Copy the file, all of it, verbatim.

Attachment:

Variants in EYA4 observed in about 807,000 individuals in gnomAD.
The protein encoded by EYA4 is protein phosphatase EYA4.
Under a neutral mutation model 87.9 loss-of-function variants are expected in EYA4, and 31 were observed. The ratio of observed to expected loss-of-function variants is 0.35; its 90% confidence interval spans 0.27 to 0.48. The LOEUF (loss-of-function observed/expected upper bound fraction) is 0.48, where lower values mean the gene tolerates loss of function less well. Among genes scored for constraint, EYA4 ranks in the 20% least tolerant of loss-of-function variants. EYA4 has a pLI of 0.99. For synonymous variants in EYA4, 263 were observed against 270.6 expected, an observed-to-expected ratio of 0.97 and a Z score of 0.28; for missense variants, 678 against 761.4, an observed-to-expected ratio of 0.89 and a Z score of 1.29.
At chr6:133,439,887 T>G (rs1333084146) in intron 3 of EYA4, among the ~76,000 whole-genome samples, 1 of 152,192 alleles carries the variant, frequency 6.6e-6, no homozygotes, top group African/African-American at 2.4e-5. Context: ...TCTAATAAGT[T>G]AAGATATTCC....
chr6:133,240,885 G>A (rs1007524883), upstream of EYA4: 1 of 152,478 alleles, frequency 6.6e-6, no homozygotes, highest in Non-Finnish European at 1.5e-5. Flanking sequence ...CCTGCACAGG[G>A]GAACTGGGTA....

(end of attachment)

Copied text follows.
Variants in EYA4 observed in about 807,000 individuals in gnomAD.
The protein encoded by EYA4 is protein phosphatase EYA4.
Under a neutral mutation model 87.9 loss-of-function variants are expected in EYA4, and 31 were observed. The ratio of observed to expected loss-of-function variants is 0.35; its 90% confidence interval spans 0.27 to 0.48. The LOEUF (loss-of-function observed/expected upper bound fraction) is 0.48, where lower values mean the gene tolerates loss of function less well. Among genes scored for constraint, EYA4 ranks in the 20% least tolerant of loss-of-function variants. EYA4 has a pLI of 0.99. For synonymous variants in EYA4, 263 were observed against 270.6 expected, an observed-to-expected ratio of 0.97 and a Z score of 0.28; for missense variants, 678 against 761.4, an observed-to-expected ratio of 0.89 and a Z score of 1.29.
At chr6:133,439,887 T>G (rs1333084146) in intron 3 of EYA4, among the ~76,000 whole-genome samples, 1 of 152,192 alleles carries the variant, frequency 6.6e-6, no homozygotes, top group African/African-American at 2.4e-5. Context: ...TCTAATAAGT[T>G]AAGATATTCC....
chr6:133,240,885 G>A (rs1007524883), upstream of EYA4: 1 of 152,478 alleles, frequency 6.6e-6, no homozygotes, highest in Non-Finnish European at 1.5e-5. Flanking sequence ...CCTGCACAGG[G>A]GAACTGGGTA....